Is it wrong to have doubts about God or my faith or the Church?

For a long time there’s been a belief that with faith, one cannot doubt and that with doubt, one cannot have true faith. This is true if we let doubt fuel mistrust. However, if we use doubt to help us formulate questions about our search for truth, then we can begin to see doubt as a good thing. So, to answer the question directly, it depends on how you use doubt on your journey of faith. Imagine doubt as a travel agent offering you a trip to an uncharted island to learn and experience something new about your world. Some may find such a trip requires too much — too time consuming, too frustrating, too scary, too risky — and therefore dismiss the trip and use the agent’s offer as a reason to disengage. “It just doesn’t make sense” or “It’s not worth the time for me to go there.” Others may welcome such a trip and occupy themselves with various tours, finding that they deepen their understanding, which leads to growth. “Wow, this trip really taught me a lot about myself/others/God/the world!”

We recently answered a similar question on Busted Halo® Cast #358, where I mentioned that the two examples from the Bible that I like to use to demonstrate doubt are Jonah and Thomas. Jonah, a prophet from the Old Testament, was told by God to warn the people of Nineveh about their wickedness. Instead, he immediately shucked his prophetic duties, tried to run away, got his friends in trouble, was swallowed by a fish, and finally relented and told the people of Nineveh what God said. The Ninevites heard Jonah and repented before God, who forgave them. But, Jonah got mad at God for sparing them when he thought they should be punished severely. While Jonah’s story typically highlights disobedience, it is a perfect example of doubt gone bad. Jonah’s doubt fueled his lack of trust. He disengaged because he thought God’s request required too much.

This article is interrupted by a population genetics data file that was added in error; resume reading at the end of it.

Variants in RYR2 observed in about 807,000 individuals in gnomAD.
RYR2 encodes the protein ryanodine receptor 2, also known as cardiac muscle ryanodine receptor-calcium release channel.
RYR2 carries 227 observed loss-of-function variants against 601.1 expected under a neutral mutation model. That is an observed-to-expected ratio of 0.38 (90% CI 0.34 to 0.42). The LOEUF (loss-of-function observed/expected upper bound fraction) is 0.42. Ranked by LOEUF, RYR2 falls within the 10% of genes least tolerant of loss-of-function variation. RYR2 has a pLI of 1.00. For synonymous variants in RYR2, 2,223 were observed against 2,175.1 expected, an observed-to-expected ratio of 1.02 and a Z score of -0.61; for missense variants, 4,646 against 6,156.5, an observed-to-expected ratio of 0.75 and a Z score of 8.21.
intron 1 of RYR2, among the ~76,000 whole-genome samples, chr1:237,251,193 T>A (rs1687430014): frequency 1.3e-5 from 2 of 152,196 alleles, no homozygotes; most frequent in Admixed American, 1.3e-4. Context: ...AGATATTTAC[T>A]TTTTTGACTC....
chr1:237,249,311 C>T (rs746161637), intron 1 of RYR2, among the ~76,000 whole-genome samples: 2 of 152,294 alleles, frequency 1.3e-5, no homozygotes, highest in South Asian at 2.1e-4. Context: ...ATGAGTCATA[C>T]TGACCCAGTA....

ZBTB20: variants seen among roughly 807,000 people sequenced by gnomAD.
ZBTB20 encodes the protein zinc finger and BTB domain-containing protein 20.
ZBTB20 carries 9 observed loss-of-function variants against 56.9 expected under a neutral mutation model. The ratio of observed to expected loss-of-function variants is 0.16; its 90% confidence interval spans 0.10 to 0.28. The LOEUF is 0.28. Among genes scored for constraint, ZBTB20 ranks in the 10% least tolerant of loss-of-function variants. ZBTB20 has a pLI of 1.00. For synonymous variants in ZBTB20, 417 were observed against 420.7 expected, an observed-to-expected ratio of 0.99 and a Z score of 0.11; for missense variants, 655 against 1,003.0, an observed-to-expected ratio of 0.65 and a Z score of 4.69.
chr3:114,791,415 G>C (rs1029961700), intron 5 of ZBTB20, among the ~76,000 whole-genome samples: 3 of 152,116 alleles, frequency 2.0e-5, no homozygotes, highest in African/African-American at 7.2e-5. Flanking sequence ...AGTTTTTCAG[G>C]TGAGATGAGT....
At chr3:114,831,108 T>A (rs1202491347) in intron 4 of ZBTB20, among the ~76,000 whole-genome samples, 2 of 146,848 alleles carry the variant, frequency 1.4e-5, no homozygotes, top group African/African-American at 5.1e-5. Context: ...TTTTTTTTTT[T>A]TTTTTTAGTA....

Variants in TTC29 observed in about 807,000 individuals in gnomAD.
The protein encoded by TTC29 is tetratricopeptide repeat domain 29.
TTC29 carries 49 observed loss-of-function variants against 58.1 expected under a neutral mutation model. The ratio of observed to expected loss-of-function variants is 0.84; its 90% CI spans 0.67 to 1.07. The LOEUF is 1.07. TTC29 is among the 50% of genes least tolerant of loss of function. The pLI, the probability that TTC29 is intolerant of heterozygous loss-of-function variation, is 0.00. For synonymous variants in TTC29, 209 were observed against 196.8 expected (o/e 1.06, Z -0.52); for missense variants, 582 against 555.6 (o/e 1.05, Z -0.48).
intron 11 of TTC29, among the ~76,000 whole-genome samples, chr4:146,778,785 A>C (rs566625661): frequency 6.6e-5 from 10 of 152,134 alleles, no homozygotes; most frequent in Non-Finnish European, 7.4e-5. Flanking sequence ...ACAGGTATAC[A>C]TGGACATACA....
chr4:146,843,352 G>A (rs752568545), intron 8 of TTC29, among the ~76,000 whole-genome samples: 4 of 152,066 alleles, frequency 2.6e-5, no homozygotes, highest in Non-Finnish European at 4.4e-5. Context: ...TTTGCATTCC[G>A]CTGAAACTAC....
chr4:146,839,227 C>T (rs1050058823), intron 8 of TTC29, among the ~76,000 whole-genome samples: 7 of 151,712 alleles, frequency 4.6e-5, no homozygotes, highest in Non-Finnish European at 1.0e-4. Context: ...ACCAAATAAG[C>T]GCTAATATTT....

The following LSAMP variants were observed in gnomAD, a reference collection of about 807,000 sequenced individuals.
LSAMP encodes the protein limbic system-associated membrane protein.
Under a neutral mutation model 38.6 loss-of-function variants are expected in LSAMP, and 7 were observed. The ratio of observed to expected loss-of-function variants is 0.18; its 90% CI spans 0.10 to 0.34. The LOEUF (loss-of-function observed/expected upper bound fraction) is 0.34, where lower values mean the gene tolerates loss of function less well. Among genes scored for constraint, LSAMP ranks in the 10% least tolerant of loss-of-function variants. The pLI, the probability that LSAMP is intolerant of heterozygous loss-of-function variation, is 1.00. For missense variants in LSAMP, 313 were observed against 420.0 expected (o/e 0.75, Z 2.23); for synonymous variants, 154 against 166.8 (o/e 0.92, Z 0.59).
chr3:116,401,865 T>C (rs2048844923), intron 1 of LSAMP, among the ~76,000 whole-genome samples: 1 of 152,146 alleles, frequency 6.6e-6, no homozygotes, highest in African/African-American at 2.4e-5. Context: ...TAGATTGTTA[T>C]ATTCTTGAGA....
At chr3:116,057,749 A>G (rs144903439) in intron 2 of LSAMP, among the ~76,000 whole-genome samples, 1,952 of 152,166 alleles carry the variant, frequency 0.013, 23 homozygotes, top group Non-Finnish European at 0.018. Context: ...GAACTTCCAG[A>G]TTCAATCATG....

On the other hand, Thomas, one of Jesus’ disciples, doubted the witness of his brothers when he was told that Jesus had risen from the dead. When Jesus appeared to him, instead of disengaging and dismissing, Thomas connected with Christ and was both formed and informed by that experience.

Our journey of faith is organic, growing as we grow, moving as we move, and responding to our knowledge and experiences. Using doubt as an invitation to deeper investigation — together with patience, openness, and hope — will lead to a better understanding, greater appreciation, and fuller ownership of one’s faith.

from Fr. Steven Bell, CSP